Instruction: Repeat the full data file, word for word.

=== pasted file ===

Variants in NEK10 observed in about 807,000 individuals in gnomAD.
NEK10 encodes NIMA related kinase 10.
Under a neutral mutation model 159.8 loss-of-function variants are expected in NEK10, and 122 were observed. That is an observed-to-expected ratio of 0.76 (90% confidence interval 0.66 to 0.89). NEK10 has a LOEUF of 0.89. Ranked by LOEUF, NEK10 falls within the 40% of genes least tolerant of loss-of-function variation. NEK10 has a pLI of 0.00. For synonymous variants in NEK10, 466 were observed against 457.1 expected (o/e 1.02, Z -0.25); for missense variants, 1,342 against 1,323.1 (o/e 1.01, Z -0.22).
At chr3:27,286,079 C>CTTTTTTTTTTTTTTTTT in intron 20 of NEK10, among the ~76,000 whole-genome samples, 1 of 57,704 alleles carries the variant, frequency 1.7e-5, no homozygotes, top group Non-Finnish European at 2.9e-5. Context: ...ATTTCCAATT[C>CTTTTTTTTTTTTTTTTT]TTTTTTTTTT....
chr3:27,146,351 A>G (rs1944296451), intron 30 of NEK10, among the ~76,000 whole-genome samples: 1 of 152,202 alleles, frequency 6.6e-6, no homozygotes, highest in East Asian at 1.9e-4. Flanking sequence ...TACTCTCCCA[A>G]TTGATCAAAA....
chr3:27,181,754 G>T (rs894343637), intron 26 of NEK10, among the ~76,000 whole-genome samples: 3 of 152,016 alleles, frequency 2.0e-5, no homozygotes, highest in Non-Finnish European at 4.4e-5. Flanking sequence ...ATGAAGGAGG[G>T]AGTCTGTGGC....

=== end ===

Variants in NEK10 observed in about 807,000 individuals in gnomAD.
NEK10 encodes NIMA related kinase 10.
Under a neutral mutation model 159.8 loss-of-function variants are expected in NEK10, and 122 were observed. That is an observed-to-expected ratio of 0.76 (90% confidence interval 0.66 to 0.89). NEK10 has a LOEUF of 0.89. Ranked by LOEUF, NEK10 falls within the 40% of genes least tolerant of loss-of-function variation. NEK10 has a pLI of 0.00. For synonymous variants in NEK10, 466 were observed against 457.1 expected (o/e 1.02, Z -0.25); for missense variants, 1,342 against 1,323.1 (o/e 1.01, Z -0.22).
At chr3:27,286,079 C>CTTTTTTTTTTTTTTTTT in intron 20 of NEK10, among the ~76,000 whole-genome samples, 1 of 57,704 alleles carries the variant, frequency 1.7e-5, no homozygotes, top group Non-Finnish European at 2.9e-5. Context: ...ATTTCCAATT[C>CTTTTTTTTTTTTTTTTT]TTTTTTTTTT....
chr3:27,146,351 A>G (rs1944296451), intron 30 of NEK10, among the ~76,000 whole-genome samples: 1 of 152,202 alleles, frequency 6.6e-6, no homozygotes, highest in East Asian at 1.9e-4. Flanking sequence ...TACTCTCCCA[A>G]TTGATCAAAA....
chr3:27,181,754 G>T (rs894343637), intron 26 of NEK10, among the ~76,000 whole-genome samples: 3 of 152,016 alleles, frequency 2.0e-5, no homozygotes, highest in Non-Finnish European at 4.4e-5. Flanking sequence ...ATGAAGGAGG[G>T]AGTCTGTGGC....